By Leon Gettler >>

THE BIG buzzword in business is customer experience, or CX. How to attract them and keep them coming back.

Unfortunately, most businesses struggle with it. They don’t understand what it means.

Enter Tom Uhlhorn, who runs the Melbourne based Customer Experience consultancy Tiny CX. It has launched the first practical online CX course, known as the CX Academy.

It offers online and face to face services for customers. The mix of offerings includes small group workshops for start-ups and services to upskill marketing, product or cross discipline team from larger enterprises. 

Mr Uhlhorn said most businesses did not know where to begin and his academy was there to show them how to manage it.

He said customer experience stands on the shoulders of marketing and “provides a much more human centred approach to marketing and affiliated services”.

“Part of the problem is companies don’t know how to do it which is why we are feeling there is a very significant gap in the strategy and research piece,” Mr Uhlhorn told Talking Business.

“We focus on five key areas: we have brand experience, intimate understanding of customer, systems, processes and people, accountability and incorporating that into a systematic feedback loop to ensure your business remains customer centric as your business changes.”


Mr Uhlhorn said this focus on the five key areas was the framework his company had put together as companies transition into what he called the “experience economy”.

He said the mid-market was the CX Academy’s sweet spot. It will work with challenged brands.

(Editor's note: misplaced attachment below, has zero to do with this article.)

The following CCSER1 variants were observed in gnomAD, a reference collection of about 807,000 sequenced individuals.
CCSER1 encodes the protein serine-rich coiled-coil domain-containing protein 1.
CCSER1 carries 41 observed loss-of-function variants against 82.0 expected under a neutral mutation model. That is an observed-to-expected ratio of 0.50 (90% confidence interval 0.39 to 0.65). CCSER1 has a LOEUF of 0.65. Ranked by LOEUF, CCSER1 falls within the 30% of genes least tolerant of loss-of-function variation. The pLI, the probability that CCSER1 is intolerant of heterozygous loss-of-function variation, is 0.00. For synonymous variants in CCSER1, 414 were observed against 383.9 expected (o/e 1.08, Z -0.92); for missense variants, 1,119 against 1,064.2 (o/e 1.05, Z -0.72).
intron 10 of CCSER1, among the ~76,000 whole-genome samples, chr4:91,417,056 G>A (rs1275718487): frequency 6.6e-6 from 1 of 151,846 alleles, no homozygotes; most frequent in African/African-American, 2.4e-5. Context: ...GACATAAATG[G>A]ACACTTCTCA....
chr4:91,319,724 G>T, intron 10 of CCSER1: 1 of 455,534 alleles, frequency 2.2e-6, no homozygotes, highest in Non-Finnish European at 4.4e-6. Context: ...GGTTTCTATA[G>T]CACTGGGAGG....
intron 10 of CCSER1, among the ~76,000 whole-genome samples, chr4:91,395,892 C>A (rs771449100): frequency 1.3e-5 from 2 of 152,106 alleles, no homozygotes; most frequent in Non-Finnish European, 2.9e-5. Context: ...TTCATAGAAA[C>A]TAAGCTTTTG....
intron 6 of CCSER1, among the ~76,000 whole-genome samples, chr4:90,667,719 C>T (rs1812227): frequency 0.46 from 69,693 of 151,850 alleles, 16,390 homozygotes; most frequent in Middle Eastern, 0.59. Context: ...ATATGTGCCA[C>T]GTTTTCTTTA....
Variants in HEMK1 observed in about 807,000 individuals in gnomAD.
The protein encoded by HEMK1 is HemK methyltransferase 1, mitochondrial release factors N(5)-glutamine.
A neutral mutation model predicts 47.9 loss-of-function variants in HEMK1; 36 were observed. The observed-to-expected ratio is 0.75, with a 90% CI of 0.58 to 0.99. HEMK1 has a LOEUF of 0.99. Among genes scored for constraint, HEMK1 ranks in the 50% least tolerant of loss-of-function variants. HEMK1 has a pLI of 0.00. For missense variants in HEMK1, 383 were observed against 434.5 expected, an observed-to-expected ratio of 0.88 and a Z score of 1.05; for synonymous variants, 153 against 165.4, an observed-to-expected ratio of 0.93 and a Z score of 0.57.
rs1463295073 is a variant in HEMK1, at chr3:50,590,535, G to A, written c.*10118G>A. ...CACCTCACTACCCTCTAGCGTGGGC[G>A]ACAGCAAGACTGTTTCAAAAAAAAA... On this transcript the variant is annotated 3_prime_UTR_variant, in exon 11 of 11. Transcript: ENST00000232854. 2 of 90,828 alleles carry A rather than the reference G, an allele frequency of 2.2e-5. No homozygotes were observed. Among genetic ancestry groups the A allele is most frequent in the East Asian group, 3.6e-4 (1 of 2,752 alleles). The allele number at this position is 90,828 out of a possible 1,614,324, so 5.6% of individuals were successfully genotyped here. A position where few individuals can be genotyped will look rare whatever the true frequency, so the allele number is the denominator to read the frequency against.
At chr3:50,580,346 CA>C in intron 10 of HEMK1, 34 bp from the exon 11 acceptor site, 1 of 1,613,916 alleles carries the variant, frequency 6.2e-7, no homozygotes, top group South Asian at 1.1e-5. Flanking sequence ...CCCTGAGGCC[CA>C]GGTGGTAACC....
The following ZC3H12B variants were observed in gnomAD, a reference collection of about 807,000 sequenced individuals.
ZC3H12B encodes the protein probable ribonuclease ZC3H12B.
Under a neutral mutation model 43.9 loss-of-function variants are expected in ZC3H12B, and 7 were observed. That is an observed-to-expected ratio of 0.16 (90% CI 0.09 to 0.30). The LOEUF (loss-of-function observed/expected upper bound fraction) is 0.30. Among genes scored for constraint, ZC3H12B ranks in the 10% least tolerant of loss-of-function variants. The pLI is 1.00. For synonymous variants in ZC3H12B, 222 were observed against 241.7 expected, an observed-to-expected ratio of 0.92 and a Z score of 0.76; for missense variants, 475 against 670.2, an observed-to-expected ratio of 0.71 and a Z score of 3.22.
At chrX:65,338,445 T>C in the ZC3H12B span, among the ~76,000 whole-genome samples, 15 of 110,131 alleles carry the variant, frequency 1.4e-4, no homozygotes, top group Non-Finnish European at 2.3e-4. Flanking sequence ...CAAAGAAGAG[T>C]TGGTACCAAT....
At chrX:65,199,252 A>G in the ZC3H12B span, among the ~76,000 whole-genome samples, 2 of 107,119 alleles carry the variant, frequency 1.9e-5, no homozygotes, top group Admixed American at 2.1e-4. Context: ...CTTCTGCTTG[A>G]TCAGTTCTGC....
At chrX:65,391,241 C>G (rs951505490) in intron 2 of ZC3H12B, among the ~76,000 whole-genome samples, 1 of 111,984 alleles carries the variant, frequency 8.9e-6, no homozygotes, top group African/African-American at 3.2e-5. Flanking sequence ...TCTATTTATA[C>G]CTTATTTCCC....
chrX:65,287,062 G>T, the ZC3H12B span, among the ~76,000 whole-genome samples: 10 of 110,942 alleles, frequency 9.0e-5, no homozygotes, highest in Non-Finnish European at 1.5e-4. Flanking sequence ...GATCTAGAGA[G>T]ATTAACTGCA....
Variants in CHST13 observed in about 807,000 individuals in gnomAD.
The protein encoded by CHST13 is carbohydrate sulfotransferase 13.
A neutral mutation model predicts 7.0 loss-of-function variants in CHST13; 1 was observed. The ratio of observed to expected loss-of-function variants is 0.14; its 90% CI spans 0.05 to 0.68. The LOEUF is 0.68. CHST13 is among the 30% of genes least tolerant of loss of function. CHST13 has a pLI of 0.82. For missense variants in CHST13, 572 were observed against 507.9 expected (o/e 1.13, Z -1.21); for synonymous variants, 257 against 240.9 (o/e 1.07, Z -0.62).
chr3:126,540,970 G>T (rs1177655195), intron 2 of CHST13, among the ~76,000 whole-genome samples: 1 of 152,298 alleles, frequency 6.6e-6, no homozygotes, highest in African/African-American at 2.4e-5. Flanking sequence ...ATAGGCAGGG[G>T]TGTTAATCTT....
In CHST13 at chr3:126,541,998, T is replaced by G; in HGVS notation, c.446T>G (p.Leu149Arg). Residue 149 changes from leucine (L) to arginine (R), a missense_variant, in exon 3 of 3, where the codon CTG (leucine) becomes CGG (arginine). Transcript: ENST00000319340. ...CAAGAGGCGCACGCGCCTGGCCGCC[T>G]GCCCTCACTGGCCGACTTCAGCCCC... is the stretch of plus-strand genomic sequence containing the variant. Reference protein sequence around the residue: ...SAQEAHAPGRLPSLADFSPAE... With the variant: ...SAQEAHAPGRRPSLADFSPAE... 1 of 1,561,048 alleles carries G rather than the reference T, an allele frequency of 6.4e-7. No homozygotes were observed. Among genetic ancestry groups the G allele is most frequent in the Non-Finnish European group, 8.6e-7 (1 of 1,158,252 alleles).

“We won’t work with the big four banks, we’ll work with the fifth,” Mr Uhlhorn said.

He said his company looked at sectors where there was no clear market leader and businesses had a single digit percentage of market share. This allows companies to come in and learn how to differentiate themselves in the market.

The CX Academy also attracts a lot of start-ups.

Mr Uhlhorn said a quarter of the time is spent working with start-ups, including bootstrap start-ups. 

“We don’t make money doing that,’’ he said.

“We do it because it keeps our ear to the ground in terms of the most effective way to shake the market up. We treat that as an R&D exercise.”

Hear the complete interview and catch up with other topical business news on Leon Gettler’s Talking Business podcast, released every Friday at

By Margie Hartley >>

WITHOUT QUESTION corporate Australia is currently collectively belt tightening and, with that, spending on the non-essentials like ‘leadership development’ and ‘team offsites’ are often the first to be cut.

Team days can have a poor reputation as either boring ‘love-ins’ or as one government sector client claimed, “a chance to run around with ice buckets on our heads”.

To be honest, when these team off-sites are done badly this is in fact an accurate, cynical yet honest assessment. So, it would seem obvious and even sensible to cut team days from the budget or at least limit the time we spend on them when times are tight. 

In fact, we should be doing the complete opposite.

To succeed in a changing and competitive global economy, organisations and their leadership teams must have a deadly clear purpose and a crisply defined ambition for their team. They need agreed values and behaviours and ways of getting things done as well as a collective agreement of the goals and priorities. They need to communicate with respectful challenge constantly and be deliberate in every move.